I first wrote about this oddball curiosity some three years ago back when it was beginning to develop a genuine cult following. Something which is somewhat more surprising since practically no one has ever seen it. How obscure is it? So obscure that even I have never seen it. However, that’s going to change very soon, and I’ll get to that in a minute. But indulge me first.
The film I’m referring to is the 1974 dramatic musical, "Catch My Soul". Never heard of it? It went in and out of theaters so fast that one didn’t have time to blink. And it’s been hard to see since it has been never been released on DVD or even on VHS.
The film is a rock musical version of "Othello," with folk singer Richie Havens (who passed away in 2013 at the age of 72) in the lead role, and who, in this version, is an evangelist preacher in New Mexico led to believe that his wife, Desdemona, is cheating on him with the treacherous Iago. Of course, we all know how the the story ends.
The film was based on a late 1960’s London stage production, produced by and starring the British television and music producer, Jack Good as Othello, and who was, at the time, the U.K. version of Dick Clark. Since he was white, he either removed the racial aspects of Shakespeare’s play from his stage version or, unfortunately, he might have played the role on stage in blackface, as white actors who played Othello have done. Though Good also produced the film version, they wisely got a black man to play the role in the film; although, according to reviews, Havens wasn’t that good in the film.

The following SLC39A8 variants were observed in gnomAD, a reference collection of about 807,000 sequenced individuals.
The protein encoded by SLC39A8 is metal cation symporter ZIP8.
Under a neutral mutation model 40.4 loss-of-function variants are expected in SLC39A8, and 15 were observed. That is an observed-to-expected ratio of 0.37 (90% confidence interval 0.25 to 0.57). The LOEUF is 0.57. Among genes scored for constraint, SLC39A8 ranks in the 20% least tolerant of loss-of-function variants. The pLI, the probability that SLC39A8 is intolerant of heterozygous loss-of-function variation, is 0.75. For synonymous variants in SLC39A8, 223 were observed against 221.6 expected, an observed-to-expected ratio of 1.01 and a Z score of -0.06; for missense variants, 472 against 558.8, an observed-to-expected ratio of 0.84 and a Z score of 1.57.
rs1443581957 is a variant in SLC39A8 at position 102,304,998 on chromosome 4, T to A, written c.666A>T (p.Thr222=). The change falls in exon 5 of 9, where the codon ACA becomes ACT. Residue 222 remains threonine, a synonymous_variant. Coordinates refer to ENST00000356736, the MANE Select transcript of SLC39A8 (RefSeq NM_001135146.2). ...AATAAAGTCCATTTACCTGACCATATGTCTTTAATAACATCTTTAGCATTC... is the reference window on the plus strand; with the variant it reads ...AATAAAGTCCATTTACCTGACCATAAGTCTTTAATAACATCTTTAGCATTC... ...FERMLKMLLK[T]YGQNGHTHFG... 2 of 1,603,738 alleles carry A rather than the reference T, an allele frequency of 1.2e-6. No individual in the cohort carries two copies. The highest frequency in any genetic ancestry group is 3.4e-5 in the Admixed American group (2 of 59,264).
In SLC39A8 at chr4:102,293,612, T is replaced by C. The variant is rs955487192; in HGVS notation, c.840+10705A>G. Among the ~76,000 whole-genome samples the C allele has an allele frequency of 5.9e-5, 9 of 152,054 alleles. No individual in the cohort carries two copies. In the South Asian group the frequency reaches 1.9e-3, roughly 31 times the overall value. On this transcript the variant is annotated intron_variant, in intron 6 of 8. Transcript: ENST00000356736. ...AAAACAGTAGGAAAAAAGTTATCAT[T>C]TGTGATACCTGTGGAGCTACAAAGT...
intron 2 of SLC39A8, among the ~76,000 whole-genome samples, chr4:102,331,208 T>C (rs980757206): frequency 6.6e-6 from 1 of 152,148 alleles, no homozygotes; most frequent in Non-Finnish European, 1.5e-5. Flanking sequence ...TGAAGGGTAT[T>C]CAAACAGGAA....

"Catch My Soul" came out around the same time as director Norman Jewison’s very successful film version of the very popular stage musical, "Jesus Christ Superstar," so there were hopes that the film would follow in "Superstar’s" footsteps. However, bad reviews and poor box office pretty much killed it. The film was later re-released and retitled "Santa Fe Satan," one supposes, to fool people into believing that it was some sort of "Exorcist" rip-off, and released in drive-ins, but it still did no business.
But what was also interesting is that the film was the only one directed by the eccentric actor Patrick McGoohan, who is better known for roles in films like "Ice Station Zebra," "Braveheart," "Silver Streak," "A Time to Kill," and most famously, in the great and bizarre late 60’s TV cult classic, "The Prisoner," which he also created and produced.
However, as a director, McGoohan might have been somewhat lacking. I recall seeing a TV interview many years ago with Havens in which he briefly talked about the film and said that McGoohan wasn’t a great communicator, and was always vague about what exactly he wanted from his actors.

McGoohan, for his part, later laid the blame on Good, claiming that he "got religion" during the making of the film, converting to Catholicism, and recut the film, adding "more religious stuff". McGoohan said that when he saw the final result, the film was "a disaster" and tried to get his name taken off the credits, to no avail.
But now everyone will now finally get a chance to see it, since the new specialty DVD label, Etiquette Pictures, is finally releasing the film this week, in a brand new blu-ray package, restored from the film’s original 35 MM negative.
Finally film lovers will get their chance to discover for themselves if "Catch My Soul" is truly worthy of its cult status… or maybe not.